On 9/9/07 10:25 AM, in article vfUEi.244354$ firstname.lastname@example.org,
I have seen a couple but I hope things liven up. A newbie here who has just
bottled my second beer and am fermenting my third. Looking to make a holiday
brew from a kit with some additional spices next. Starting to get interested
in all-grain also. Found a 10 gallon cooler at a yard sale yesterday and am
making plans to retrofit it for brewing.
My 5th (a honey porter)is in secondary now...and I'd love to get into
AG, but don't have the space right now.... I DO have a 2 car garage that
hasn't had room for a car in 20 years, so at least I've got 'potential'
On 9/9/07 1:56 PM, in article 6lXEi.50737$ email@example.com, "Shanghai
My third is in secondary and is a Honey Hefe Weizen.
I have a great space so I am lucky. It is an abandoned basement laundry area
(laundry is now 1st floor) so sink, drain etc. is all there. I've been
cooking beer on the back porch but I am considering a vent system to bring
it all inside.
On Sun, 09 Sep 2007 13:56:06 -0500, Shanghai McCoy
I've been brewing for a while. I haven't done much over the summer but
I do have a mead that's waiting to be bottled soon. Friends gave me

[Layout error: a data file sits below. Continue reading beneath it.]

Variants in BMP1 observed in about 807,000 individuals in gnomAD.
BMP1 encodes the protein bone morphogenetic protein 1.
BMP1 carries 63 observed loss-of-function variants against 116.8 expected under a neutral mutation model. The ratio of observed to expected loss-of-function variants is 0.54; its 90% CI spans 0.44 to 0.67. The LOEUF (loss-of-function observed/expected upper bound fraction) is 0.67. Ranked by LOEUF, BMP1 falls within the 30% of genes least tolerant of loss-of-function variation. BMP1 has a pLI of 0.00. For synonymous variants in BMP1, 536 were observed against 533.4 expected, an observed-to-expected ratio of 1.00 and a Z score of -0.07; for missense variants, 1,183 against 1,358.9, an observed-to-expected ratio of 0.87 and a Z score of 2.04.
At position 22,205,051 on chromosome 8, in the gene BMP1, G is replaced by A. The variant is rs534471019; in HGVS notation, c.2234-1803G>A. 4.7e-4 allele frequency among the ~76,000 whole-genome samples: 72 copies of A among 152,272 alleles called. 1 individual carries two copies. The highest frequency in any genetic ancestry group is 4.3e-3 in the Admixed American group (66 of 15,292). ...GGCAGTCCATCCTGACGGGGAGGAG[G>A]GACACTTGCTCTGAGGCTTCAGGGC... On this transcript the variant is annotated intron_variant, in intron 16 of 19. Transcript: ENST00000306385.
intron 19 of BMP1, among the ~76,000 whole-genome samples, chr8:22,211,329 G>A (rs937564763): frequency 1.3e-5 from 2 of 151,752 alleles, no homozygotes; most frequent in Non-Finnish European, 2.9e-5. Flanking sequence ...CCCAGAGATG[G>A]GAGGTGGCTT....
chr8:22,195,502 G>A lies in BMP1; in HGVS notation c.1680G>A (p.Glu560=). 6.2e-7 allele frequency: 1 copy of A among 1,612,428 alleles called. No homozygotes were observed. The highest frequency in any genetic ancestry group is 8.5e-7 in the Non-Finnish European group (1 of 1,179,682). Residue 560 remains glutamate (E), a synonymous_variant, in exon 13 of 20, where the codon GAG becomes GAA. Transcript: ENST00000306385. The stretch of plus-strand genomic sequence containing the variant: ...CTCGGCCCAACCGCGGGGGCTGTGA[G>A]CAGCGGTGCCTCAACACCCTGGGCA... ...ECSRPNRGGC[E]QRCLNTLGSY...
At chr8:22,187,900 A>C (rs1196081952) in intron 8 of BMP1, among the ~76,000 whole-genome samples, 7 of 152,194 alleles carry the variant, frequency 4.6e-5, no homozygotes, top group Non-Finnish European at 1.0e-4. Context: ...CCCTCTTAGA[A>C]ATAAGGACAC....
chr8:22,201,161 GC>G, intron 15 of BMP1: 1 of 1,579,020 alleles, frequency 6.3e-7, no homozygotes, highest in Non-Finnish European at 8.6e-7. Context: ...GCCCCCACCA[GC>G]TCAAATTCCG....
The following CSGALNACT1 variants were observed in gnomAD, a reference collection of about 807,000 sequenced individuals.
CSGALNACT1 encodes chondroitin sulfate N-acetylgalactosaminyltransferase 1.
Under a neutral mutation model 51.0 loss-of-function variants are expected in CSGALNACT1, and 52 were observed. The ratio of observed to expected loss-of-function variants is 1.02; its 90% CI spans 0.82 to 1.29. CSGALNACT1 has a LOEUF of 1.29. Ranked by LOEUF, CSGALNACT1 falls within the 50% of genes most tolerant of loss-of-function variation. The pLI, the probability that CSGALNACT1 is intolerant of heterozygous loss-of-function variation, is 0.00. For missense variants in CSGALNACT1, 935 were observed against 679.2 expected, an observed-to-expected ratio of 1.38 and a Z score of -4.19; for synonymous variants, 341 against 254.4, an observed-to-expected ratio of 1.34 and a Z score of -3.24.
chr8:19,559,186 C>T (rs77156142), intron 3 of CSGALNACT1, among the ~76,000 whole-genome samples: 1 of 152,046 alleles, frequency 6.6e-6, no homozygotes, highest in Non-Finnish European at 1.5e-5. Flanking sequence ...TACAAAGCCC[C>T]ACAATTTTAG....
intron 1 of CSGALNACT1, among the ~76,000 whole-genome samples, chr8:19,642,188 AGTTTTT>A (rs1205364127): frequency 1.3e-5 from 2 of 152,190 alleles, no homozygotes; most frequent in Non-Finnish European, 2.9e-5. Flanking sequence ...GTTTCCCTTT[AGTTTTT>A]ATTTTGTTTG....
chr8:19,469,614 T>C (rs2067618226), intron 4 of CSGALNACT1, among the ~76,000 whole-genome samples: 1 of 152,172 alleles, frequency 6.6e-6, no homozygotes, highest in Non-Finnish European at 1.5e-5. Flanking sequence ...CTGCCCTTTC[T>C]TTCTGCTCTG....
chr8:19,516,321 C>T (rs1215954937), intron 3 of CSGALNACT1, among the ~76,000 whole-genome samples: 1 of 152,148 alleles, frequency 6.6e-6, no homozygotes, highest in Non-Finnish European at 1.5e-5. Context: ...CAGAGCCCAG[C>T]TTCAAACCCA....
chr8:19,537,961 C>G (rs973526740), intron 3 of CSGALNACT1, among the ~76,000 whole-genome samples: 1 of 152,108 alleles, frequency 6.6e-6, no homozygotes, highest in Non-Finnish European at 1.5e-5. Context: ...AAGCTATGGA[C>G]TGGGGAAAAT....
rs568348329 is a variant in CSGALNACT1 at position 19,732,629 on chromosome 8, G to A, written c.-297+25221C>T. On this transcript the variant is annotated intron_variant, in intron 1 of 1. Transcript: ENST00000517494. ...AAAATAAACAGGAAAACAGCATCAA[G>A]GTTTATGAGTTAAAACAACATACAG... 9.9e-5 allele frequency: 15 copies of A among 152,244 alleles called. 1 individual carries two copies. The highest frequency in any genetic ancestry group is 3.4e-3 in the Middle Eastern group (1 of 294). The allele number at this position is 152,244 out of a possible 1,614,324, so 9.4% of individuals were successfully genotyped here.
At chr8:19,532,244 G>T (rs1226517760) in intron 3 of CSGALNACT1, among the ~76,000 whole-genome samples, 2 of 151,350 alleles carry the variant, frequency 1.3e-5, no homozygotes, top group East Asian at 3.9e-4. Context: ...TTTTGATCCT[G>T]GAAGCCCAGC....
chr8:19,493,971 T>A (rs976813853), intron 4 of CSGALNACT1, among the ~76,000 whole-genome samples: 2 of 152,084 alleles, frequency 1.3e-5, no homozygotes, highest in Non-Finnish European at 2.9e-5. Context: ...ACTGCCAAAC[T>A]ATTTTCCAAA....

some apples and crabapples that I intend to juice and make cider on
the lees of the mead. Should be fun. I also make beer but not all
"Akbar" mashed a fist into the keyboard:
A word of advice concerning cider - allow plenty of time for maturation.
In my experience, at least 12 months is required. Treat cider more like
wine than beer for best results.
Mead! I've never even tasted it, but the mention of it makes me
thirsty..... been reading about meadmaking, and everything seems
straightforward enough... the only problem I might have is... patience!
I'd like to start with a traditional still, then a blackberry..
If you're thinking about mead you have to jump over to the meadmaking group.
Therer are a LOT of people who are more than happy to help out, including
I had only tasted one commercial mead before I tried making one and the one
I had was terrible. My homemade is MUCH better. I found an easy beginner
style recipe on the newsgroup. You want, I'll post it.
Patience is helpful thiough not required. A frequent poster there, Dick
Adams rarely ages his and it hasn't killed him yet.
I also do beer and wine, just depends on mood and time frame.
The main reason there hasn't been much traffic is that most of us have been
brewing more than reading...
Just needed someone to spark the conversation(G)
Hi, Derric. There doesn't seem to be a whole lot of activity on any of
the brewing newsgroups. I think the sporge flood on r.c.b. was a little
bit of a set-back, and people are still busy with a lot of things. I